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Lyft's stock price crash has short sellers salivating

Brian Sozzi
Editor-at-Large

Cue the bear raid in money-losing hype job Lyft.

“When the Lyft IPO shares begin settling tomorrow (Tuesday) and lending programs see their lendable inventories grow, over the next several days we should see a dramatic increase in stock lending, short sale approvals and Lyft short selling,” cautioned S3 Analytics Managing Director Ihor Dusaniwsky.

A short sale is a bet against a company’s stock price. It turns profitable when the stock loses value.

With Lyft shares from the IPO not settled yet, Dusaniwsky explains, and SEC regulations prohibiting IPO underwriters from lending shares to cover short sales for 30 days, only a tiny fraction of the 34 million shares traded on Monday reflected short sales.

Why the shorts could attack Lyft

It’s all about that momentum and sentiment for IPOs in their early trading days. And suffice it to say, the momentum right now is swinging against Lyft — which could only feed a bear’s appetite to go short the stock.

Lyft shares plunged about 12% to $68.01 on Monday following a spate of selling into the close on the company’s IPO day on Friday. The ride-hailing stock’s first trade on Friday was $87.24.

Lyft shares (LYFT) fell 3% in afternoon trading on Tuesday.

One source Yahoo Finance talked with say the fast money — or those who got a taste of the IPO before the debut — are dumping shares. Some long-term investors could also be lightening their load on Lyft, too, the source said.

Buyer beware right now on Lyft.

After Lyft didn’t finish at the highs of the session on its first day of trading (usually not a healthy near-term signal to traders), it appears Wall Street has spent the weekend digging under the hood again. It’s not like Lyft is a bad company, it’s that the road to profits is several years away at best. In other words, Lyft’s business model is unproven.

That may have many people who got into the name on pure hype on Friday reassessing.

“We understand the excitement around LYFT given a large total addressable market (TAM) and low penetration, positioning along the front lines of a shift in how we think about transportation and, of course, strong top line growth. That said, we simply have to look too far out with too many big assumptions in order to make a case for the stock. Key issues include limited visibility on the path to profitability, sustainability of revenue growth, scale of investments in bikes, scooters and self-driving cars, and valuation,” says Guggenheim analyst Jake Fuller.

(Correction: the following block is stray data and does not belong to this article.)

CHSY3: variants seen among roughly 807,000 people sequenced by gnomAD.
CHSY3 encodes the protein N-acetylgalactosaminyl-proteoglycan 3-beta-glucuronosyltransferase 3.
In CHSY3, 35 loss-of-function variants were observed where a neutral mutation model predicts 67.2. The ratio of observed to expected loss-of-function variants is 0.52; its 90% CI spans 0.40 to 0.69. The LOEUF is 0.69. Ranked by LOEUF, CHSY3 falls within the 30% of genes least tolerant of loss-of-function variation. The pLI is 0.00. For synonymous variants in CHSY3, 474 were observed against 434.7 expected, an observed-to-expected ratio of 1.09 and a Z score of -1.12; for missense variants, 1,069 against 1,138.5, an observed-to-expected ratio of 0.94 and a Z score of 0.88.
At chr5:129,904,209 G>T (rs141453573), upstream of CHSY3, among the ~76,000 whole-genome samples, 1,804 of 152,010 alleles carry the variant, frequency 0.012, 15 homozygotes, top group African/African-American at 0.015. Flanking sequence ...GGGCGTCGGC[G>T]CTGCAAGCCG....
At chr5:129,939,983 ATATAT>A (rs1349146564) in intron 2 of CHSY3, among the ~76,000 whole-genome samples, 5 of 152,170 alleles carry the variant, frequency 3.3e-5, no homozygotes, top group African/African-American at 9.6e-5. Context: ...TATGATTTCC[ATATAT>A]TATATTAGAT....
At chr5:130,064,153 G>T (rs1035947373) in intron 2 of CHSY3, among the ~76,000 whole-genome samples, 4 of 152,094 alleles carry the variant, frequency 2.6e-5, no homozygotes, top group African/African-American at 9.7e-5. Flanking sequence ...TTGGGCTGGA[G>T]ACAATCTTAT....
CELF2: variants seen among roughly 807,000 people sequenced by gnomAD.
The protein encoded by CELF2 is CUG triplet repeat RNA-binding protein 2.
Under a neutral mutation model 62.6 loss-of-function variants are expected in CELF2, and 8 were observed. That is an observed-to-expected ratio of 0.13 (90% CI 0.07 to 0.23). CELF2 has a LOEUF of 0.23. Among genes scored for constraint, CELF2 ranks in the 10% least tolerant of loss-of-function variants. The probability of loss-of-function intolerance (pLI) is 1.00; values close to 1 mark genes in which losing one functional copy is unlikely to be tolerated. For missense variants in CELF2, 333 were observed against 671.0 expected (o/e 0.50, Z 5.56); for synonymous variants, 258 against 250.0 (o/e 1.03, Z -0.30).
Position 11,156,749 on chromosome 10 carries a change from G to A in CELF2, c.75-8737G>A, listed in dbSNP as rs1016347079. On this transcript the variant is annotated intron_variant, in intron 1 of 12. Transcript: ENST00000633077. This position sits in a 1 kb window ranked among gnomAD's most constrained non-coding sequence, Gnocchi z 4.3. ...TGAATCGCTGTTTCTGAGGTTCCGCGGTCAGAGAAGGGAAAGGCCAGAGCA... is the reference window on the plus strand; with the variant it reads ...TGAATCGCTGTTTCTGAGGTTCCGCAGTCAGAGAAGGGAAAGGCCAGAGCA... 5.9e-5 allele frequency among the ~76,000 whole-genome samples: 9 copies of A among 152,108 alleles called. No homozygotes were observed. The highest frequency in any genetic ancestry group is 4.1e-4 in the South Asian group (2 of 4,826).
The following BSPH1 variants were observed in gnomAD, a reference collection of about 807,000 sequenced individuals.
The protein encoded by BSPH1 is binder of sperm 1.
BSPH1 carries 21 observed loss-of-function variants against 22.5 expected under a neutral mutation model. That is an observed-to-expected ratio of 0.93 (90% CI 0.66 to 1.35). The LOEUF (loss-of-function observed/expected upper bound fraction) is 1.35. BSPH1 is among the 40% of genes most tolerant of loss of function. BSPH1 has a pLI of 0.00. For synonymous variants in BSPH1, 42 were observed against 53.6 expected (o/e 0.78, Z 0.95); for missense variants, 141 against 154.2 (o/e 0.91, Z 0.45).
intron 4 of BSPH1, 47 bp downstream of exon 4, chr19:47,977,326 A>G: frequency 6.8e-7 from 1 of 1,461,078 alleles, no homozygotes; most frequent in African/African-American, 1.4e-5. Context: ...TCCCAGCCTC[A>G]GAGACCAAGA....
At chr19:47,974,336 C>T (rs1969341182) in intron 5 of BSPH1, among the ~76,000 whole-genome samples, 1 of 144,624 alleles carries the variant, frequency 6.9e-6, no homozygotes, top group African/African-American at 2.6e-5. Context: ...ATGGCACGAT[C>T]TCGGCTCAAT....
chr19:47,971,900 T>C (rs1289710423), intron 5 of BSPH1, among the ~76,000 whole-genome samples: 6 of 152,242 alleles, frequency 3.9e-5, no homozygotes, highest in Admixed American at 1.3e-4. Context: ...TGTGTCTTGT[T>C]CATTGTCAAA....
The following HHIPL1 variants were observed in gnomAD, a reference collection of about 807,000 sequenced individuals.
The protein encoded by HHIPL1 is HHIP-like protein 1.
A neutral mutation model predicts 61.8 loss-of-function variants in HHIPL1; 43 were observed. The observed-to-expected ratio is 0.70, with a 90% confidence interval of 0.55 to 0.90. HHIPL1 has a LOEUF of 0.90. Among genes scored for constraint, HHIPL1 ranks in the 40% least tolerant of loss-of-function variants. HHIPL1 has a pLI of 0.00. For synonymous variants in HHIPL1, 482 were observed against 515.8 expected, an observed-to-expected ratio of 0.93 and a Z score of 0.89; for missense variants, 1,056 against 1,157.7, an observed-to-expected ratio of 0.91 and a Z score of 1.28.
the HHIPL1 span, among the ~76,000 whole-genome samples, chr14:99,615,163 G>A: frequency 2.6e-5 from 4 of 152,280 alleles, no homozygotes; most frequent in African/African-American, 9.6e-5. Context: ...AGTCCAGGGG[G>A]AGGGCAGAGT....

Fuller initiated coverage of Lyft with a Neutral rating, but no price target. That’s pretty telling.

Lyft needs profits, real soon

If Lyft doesn’t solve one serious issue that will probably make its initial financial reports valuable lessons on calculating losses, then one of the hottest IPOs in some time could hit dud status within a year (not unlike Snapchat, Blue Apron, and GoPro).

The main issue here: Lyft has not proven that it has a clear path to profitability.

While Lyft saw sales more than double to $2.2 billion in 2018, it lost about $911 million. That’s despite Lyft’s bookings surging 76% year-over-year to $8 billion.

In fact, Lyft’s losses have worsened in recent years. Lyft’s operating losses tallied $977.8 million in 2018, up from $708.3 million in 2017 as it picked up the pace of incentives to drivers and riders.

Welcome to the big dance, shorts.

A Lyft spokeswoman didn’t return a request to make either of Lyft’s co-founders Logan Green or John Zimmer available for an interview.

Is Lyft worth the money?

Brian Sozzi is an editor-at-large at Yahoo Finance. Follow him on Twitter @BrianSozzi

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